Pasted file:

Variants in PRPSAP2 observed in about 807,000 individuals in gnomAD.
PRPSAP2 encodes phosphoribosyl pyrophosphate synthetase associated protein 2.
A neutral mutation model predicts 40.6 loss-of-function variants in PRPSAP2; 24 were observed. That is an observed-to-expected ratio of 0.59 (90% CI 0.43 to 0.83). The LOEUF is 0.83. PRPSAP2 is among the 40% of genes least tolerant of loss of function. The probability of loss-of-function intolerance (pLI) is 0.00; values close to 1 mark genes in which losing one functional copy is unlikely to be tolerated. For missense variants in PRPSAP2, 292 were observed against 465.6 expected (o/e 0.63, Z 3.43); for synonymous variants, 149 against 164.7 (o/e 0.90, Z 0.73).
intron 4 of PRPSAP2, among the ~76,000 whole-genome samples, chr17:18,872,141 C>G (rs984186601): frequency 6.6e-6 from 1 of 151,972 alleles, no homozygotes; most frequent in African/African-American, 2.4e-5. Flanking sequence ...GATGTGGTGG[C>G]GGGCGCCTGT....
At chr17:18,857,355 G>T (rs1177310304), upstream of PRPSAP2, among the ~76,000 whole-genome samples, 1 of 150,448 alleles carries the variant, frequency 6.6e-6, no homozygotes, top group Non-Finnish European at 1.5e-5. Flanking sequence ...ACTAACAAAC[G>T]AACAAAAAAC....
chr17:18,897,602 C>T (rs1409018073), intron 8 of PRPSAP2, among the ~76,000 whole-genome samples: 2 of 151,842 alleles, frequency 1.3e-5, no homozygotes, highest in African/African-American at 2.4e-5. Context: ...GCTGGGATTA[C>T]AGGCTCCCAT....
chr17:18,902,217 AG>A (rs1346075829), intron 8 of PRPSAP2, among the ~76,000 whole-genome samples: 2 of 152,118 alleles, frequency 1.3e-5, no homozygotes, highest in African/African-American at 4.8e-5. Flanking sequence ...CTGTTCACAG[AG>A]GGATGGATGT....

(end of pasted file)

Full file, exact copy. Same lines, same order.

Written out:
Variants in PRPSAP2 observed in about 807,000 individuals in gnomAD.
PRPSAP2 encodes phosphoribosyl pyrophosphate synthetase associated protein 2.
A neutral mutation model predicts 40.6 loss-of-function variants in PRPSAP2; 24 were observed. That is an observed-to-expected ratio of 0.59 (90% CI 0.43 to 0.83). The LOEUF is 0.83. PRPSAP2 is among the 40% of genes least tolerant of loss of function. The probability of loss-of-function intolerance (pLI) is 0.00; values close to 1 mark genes in which losing one functional copy is unlikely to be tolerated. For missense variants in PRPSAP2, 292 were observed against 465.6 expected (o/e 0.63, Z 3.43); for synonymous variants, 149 against 164.7 (o/e 0.90, Z 0.73).
intron 4 of PRPSAP2, among the ~76,000 whole-genome samples, chr17:18,872,141 C>G (rs984186601): frequency 6.6e-6 from 1 of 151,972 alleles, no homozygotes; most frequent in African/African-American, 2.4e-5. Flanking sequence ...GATGTGGTGG[C>G]GGGCGCCTGT....
At chr17:18,857,355 G>T (rs1177310304), upstream of PRPSAP2, among the ~76,000 whole-genome samples, 1 of 150,448 alleles carries the variant, frequency 6.6e-6, no homozygotes, top group Non-Finnish European at 1.5e-5. Flanking sequence ...ACTAACAAAC[G>T]AACAAAAAAC....
chr17:18,897,602 C>T (rs1409018073), intron 8 of PRPSAP2, among the ~76,000 whole-genome samples: 2 of 151,842 alleles, frequency 1.3e-5, no homozygotes, highest in African/African-American at 2.4e-5. Context: ...GCTGGGATTA[C>T]AGGCTCCCAT....
chr17:18,902,217 AG>A (rs1346075829), intron 8 of PRPSAP2, among the ~76,000 whole-genome samples: 2 of 152,118 alleles, frequency 1.3e-5, no homozygotes, highest in African/African-American at 4.8e-5. Flanking sequence ...CTGTTCACAG[AG>A]GGATGGATGT....